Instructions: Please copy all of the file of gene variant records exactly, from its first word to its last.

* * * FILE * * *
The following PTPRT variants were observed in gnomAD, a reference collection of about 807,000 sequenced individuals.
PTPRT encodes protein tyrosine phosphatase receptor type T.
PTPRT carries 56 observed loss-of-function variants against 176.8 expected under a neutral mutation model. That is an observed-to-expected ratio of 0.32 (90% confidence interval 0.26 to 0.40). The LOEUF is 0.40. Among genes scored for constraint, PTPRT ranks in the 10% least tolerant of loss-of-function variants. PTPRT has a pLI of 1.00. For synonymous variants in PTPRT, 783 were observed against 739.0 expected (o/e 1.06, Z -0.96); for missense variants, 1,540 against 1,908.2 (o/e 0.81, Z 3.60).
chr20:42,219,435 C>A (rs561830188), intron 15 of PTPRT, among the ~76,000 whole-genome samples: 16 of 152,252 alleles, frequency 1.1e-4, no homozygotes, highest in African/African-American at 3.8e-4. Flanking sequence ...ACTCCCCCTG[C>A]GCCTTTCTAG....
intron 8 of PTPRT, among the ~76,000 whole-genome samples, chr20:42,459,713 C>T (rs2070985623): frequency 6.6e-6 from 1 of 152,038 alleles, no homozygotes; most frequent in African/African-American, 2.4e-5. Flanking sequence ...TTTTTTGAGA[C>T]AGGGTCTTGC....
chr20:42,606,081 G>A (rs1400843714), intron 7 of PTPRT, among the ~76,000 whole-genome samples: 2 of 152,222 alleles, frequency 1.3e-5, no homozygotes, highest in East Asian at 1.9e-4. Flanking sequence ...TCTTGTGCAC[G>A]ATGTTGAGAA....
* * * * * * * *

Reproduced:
The following PTPRT variants were observed in gnomAD, a reference collection of about 807,000 sequenced individuals.
PTPRT encodes protein tyrosine phosphatase receptor type T.
PTPRT carries 56 observed loss-of-function variants against 176.8 expected under a neutral mutation model. That is an observed-to-expected ratio of 0.32 (90% confidence interval 0.26 to 0.40). The LOEUF is 0.40. Among genes scored for constraint, PTPRT ranks in the 10% least tolerant of loss-of-function variants. PTPRT has a pLI of 1.00. For synonymous variants in PTPRT, 783 were observed against 739.0 expected (o/e 1.06, Z -0.96); for missense variants, 1,540 against 1,908.2 (o/e 0.81, Z 3.60).
chr20:42,219,435 C>A (rs561830188), intron 15 of PTPRT, among the ~76,000 whole-genome samples: 16 of 152,252 alleles, frequency 1.1e-4, no homozygotes, highest in African/African-American at 3.8e-4. Flanking sequence ...ACTCCCCCTG[C>A]GCCTTTCTAG....
intron 8 of PTPRT, among the ~76,000 whole-genome samples, chr20:42,459,713 C>T (rs2070985623): frequency 6.6e-6 from 1 of 152,038 alleles, no homozygotes; most frequent in African/African-American, 2.4e-5. Flanking sequence ...TTTTTTGAGA[C>T]AGGGTCTTGC....
chr20:42,606,081 G>A (rs1400843714), intron 7 of PTPRT, among the ~76,000 whole-genome samples: 2 of 152,222 alleles, frequency 1.3e-5, no homozygotes, highest in East Asian at 1.9e-4. Flanking sequence ...TCTTGTGCAC[G>A]ATGTTGAGAA....